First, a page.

Four planets, Moon, and a comet parade across July’s morning sky.
by Jeffrey L. Hunt
Four bright planets – Jupiter, Saturn, Mars, and Venus – stretch across the sky from the east-northeast horizon to the southwest skyline.
Overnight Earth passed between the sun and Jupiter. This is known as opposition. Saturn’s opposition is July 20. At opposition, planets are bright in the sky. They are opposite the sun in the sky. The rise in the east when the sun sets in the west, move across the sky all night, and set in the west at sunrise.
The moon appears between Venus and Mars in the eastern sky.
In a few mornings (July 17) the moon appears with Venus and Aldebaran. With the Pleiades in view, this will be a picturesque scene!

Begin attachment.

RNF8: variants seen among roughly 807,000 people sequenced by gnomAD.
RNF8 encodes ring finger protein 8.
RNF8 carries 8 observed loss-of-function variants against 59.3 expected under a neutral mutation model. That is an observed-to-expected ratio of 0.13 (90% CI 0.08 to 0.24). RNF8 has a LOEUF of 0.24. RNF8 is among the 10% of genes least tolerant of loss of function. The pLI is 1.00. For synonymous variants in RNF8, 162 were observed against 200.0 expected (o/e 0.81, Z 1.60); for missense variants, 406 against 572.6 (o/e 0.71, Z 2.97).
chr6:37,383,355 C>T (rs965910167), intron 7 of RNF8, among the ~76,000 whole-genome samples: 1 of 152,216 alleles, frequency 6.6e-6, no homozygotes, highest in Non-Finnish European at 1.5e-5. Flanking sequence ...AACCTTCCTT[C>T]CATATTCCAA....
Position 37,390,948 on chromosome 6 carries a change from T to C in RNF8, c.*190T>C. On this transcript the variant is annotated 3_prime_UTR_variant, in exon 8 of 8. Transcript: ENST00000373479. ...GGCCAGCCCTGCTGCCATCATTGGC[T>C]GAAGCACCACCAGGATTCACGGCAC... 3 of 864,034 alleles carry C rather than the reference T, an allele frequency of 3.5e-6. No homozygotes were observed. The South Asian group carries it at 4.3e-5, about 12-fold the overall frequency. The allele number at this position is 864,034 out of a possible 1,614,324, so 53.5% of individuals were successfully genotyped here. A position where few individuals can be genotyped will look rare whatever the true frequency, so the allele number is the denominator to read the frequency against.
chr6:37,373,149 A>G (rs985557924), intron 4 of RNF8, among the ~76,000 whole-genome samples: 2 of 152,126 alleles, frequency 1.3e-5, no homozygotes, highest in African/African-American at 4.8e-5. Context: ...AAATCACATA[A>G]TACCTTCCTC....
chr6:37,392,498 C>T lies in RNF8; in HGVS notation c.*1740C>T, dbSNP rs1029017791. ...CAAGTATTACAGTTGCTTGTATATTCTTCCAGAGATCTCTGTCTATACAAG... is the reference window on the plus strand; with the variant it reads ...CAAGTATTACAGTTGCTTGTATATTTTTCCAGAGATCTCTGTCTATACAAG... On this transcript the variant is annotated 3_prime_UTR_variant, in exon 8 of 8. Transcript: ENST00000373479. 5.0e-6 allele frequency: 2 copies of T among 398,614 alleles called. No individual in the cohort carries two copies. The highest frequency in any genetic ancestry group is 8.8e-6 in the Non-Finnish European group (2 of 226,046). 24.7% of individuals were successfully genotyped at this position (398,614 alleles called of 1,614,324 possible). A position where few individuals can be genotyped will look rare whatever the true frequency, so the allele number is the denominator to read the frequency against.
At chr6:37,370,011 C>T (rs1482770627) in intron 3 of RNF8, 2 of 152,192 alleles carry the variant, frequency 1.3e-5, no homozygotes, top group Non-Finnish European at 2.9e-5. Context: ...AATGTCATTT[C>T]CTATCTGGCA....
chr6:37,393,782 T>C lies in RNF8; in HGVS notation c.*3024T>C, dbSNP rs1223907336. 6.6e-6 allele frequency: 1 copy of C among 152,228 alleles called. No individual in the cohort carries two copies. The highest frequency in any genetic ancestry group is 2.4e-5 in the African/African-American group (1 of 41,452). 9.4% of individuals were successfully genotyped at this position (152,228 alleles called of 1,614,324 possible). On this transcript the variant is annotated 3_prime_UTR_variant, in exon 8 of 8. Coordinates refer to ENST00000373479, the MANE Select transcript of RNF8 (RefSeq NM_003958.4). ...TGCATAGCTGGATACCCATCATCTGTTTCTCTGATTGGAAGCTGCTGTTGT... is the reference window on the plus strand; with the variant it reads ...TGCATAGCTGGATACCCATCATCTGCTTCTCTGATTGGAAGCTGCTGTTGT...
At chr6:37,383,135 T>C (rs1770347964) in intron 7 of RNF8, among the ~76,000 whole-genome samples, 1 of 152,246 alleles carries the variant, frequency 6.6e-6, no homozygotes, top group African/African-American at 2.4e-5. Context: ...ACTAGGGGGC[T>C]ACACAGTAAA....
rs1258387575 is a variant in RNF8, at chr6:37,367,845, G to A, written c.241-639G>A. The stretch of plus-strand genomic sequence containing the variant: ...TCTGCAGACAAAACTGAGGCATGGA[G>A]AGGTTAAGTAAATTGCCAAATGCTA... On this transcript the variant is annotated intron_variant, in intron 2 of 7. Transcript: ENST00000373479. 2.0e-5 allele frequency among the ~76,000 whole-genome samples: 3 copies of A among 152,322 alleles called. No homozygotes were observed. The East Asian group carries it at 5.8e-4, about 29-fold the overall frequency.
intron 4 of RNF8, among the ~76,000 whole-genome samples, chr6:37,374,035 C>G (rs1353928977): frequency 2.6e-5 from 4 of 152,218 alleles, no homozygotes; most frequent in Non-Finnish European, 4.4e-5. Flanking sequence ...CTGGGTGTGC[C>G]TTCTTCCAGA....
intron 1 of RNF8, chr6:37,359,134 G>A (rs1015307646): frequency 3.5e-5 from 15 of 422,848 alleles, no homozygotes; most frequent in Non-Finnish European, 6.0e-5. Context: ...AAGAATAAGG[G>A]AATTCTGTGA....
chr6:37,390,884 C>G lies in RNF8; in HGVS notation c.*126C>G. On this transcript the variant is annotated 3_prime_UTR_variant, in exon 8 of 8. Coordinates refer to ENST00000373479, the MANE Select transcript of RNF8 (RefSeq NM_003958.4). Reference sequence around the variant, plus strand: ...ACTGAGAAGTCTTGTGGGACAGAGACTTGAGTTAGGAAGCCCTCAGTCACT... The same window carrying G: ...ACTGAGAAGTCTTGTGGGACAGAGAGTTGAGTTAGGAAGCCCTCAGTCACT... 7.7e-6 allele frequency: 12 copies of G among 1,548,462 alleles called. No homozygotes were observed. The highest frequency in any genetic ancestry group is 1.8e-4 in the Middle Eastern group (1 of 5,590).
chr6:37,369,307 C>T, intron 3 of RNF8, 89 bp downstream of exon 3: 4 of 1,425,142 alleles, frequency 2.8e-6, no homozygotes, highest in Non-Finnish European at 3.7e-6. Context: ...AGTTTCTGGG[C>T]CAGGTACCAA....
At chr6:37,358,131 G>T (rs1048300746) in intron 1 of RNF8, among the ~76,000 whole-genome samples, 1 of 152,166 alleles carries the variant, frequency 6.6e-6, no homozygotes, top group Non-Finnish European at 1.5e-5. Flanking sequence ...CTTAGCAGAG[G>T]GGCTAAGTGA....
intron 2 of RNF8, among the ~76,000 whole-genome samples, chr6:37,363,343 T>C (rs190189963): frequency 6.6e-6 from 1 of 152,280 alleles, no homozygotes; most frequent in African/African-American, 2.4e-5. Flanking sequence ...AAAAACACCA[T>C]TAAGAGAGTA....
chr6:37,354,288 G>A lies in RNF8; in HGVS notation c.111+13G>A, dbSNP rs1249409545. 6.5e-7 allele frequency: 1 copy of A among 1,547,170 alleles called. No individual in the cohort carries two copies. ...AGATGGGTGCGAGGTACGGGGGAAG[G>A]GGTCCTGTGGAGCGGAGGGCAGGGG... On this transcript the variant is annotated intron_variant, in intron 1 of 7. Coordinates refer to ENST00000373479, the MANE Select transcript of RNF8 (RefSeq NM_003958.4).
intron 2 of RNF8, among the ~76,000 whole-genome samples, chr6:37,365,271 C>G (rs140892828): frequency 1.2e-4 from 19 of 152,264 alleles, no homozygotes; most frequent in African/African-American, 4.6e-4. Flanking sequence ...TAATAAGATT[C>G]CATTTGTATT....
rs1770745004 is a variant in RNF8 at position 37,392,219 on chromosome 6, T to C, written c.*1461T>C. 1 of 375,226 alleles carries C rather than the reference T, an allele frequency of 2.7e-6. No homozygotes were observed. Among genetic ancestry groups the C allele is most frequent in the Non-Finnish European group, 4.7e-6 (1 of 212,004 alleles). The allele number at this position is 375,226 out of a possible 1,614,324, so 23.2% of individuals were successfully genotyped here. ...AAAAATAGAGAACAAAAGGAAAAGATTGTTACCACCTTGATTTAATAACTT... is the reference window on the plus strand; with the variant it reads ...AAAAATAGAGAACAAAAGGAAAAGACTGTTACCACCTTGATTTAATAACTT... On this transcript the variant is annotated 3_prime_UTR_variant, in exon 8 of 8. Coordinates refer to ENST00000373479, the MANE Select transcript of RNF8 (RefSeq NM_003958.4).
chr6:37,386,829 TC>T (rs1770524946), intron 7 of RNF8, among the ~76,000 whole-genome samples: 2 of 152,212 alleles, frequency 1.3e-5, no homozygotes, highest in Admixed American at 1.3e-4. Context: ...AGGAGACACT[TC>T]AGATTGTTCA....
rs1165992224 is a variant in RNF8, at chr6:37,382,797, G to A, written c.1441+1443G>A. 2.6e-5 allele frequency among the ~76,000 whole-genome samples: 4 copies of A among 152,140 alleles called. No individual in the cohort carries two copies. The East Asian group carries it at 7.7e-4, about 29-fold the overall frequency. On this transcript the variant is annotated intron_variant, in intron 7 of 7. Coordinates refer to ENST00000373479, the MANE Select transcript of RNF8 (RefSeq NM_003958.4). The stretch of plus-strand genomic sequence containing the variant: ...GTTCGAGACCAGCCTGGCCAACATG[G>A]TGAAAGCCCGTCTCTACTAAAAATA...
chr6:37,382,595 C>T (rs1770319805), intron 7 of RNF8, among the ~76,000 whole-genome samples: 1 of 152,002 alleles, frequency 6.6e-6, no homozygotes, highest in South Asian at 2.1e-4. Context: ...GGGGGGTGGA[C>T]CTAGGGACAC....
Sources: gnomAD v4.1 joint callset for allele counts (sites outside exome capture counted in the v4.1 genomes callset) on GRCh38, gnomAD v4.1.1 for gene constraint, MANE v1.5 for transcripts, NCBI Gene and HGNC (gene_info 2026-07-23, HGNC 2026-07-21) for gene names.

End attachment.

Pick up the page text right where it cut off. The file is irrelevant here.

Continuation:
Mercury joins the planet parade beginning July 19, when the “Classic 9” planets are in the sky simultaneously with the moon, about 45 minutes before sunrise.
The moon is between Venus and Mars. The Venus – Mars gap is nearly 62°.
The Red Planet is marching eastward in front of the stars of Cetus. It is at opposition on October 13, 2020.
For observers with large-aperture telescopes, Uranus, Neptune, and Classic Planet Pluto are visible as well.
Comet NEOWISE is appearing in the morning and evening sky. This morning it is low in the northeast during early morning twilight.
Farther west, Jupiter and Saturn are retrograding in eastern Sagittarius. Later in the year, after the giant planet pair reverses course, Jupiter passes closely to Saturn in a Great Conjunction, the closest since 1623.
These Jupiter – Saturn groupings occur once every 19.6 years. This is the closest grouping since 1623, although the records are unclear whether it was observed. The pair was close to the sun when Jupiter passed.
In the photo above at least one of Jupiter’s largest moon’s is visible.
Here’s more about the planets during July.